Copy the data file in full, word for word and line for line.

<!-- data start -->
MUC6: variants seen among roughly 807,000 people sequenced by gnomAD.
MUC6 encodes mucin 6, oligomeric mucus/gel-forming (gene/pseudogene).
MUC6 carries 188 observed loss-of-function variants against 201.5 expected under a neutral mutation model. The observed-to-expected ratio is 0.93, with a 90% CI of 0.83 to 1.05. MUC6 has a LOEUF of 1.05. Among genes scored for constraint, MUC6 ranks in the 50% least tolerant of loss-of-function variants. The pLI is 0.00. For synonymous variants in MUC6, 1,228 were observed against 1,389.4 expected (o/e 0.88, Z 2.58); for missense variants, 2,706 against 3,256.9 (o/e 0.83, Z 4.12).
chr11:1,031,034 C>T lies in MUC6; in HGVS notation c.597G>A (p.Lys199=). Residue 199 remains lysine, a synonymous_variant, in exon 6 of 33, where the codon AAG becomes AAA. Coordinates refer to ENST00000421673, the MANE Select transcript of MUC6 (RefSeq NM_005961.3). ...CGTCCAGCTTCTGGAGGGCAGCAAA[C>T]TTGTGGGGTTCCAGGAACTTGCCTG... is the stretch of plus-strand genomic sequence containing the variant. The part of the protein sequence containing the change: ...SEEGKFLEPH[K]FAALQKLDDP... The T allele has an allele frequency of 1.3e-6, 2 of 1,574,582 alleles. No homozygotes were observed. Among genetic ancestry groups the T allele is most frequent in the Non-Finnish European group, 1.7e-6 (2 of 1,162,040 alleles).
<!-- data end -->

MUC6: variants seen among roughly 807,000 people sequenced by gnomAD.
MUC6 encodes mucin 6, oligomeric mucus/gel-forming (gene/pseudogene).
MUC6 carries 188 observed loss-of-function variants against 201.5 expected under a neutral mutation model. The observed-to-expected ratio is 0.93, with a 90% CI of 0.83 to 1.05. MUC6 has a LOEUF of 1.05. Among genes scored for constraint, MUC6 ranks in the 50% least tolerant of loss-of-function variants. The pLI is 0.00. For synonymous variants in MUC6, 1,228 were observed against 1,389.4 expected (o/e 0.88, Z 2.58); for missense variants, 2,706 against 3,256.9 (o/e 0.83, Z 4.12).
chr11:1,031,034 C>T lies in MUC6; in HGVS notation c.597G>A (p.Lys199=). Residue 199 remains lysine, a synonymous_variant, in exon 6 of 33, where the codon AAG becomes AAA. Coordinates refer to ENST00000421673, the MANE Select transcript of MUC6 (RefSeq NM_005961.3). ...CGTCCAGCTTCTGGAGGGCAGCAAA[C>T]TTGTGGGGTTCCAGGAACTTGCCTG... is the stretch of plus-strand genomic sequence containing the variant. The part of the protein sequence containing the change: ...SEEGKFLEPH[K]FAALQKLDDP... The T allele has an allele frequency of 1.3e-6, 2 of 1,574,582 alleles. No homozygotes were observed. Among genetic ancestry groups the T allele is most frequent in the Non-Finnish European group, 1.7e-6 (2 of 1,162,040 alleles).